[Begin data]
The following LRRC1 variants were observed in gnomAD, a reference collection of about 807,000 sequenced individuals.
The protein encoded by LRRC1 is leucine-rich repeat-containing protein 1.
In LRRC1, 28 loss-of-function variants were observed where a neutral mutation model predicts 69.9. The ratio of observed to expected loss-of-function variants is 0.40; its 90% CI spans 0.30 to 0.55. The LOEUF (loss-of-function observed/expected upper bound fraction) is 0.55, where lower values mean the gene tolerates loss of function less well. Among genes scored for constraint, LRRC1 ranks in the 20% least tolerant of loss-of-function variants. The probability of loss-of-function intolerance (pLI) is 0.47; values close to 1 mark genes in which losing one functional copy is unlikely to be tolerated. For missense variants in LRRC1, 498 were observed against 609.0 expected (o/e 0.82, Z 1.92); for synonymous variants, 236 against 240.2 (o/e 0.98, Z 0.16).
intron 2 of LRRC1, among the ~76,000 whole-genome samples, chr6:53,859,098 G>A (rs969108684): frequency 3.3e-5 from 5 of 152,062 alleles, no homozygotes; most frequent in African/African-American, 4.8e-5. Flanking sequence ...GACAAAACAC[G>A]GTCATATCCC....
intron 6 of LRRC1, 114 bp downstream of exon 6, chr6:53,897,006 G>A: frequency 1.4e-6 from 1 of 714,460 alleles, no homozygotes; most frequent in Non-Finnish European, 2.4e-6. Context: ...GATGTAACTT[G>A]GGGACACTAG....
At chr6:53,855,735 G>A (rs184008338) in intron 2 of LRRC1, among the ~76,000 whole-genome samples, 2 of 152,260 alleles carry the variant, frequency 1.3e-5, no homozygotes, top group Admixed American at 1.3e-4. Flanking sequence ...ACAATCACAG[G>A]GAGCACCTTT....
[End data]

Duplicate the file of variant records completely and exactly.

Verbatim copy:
The following LRRC1 variants were observed in gnomAD, a reference collection of about 807,000 sequenced individuals.
The protein encoded by LRRC1 is leucine-rich repeat-containing protein 1.
In LRRC1, 28 loss-of-function variants were observed where a neutral mutation model predicts 69.9. The ratio of observed to expected loss-of-function variants is 0.40; its 90% CI spans 0.30 to 0.55. The LOEUF (loss-of-function observed/expected upper bound fraction) is 0.55, where lower values mean the gene tolerates loss of function less well. Among genes scored for constraint, LRRC1 ranks in the 20% least tolerant of loss-of-function variants. The probability of loss-of-function intolerance (pLI) is 0.47; values close to 1 mark genes in which losing one functional copy is unlikely to be tolerated. For missense variants in LRRC1, 498 were observed against 609.0 expected (o/e 0.82, Z 1.92); for synonymous variants, 236 against 240.2 (o/e 0.98, Z 0.16).
intron 2 of LRRC1, among the ~76,000 whole-genome samples, chr6:53,859,098 G>A (rs969108684): frequency 3.3e-5 from 5 of 152,062 alleles, no homozygotes; most frequent in African/African-American, 4.8e-5. Flanking sequence ...GACAAAACAC[G>A]GTCATATCCC....
intron 6 of LRRC1, 114 bp downstream of exon 6, chr6:53,897,006 G>A: frequency 1.4e-6 from 1 of 714,460 alleles, no homozygotes; most frequent in Non-Finnish European, 2.4e-6. Context: ...GATGTAACTT[G>A]GGGACACTAG....
At chr6:53,855,735 G>A (rs184008338) in intron 2 of LRRC1, among the ~76,000 whole-genome samples, 2 of 152,260 alleles carry the variant, frequency 1.3e-5, no homozygotes, top group Admixed American at 1.3e-4. Flanking sequence ...ACAATCACAG[G>A]GAGCACCTTT....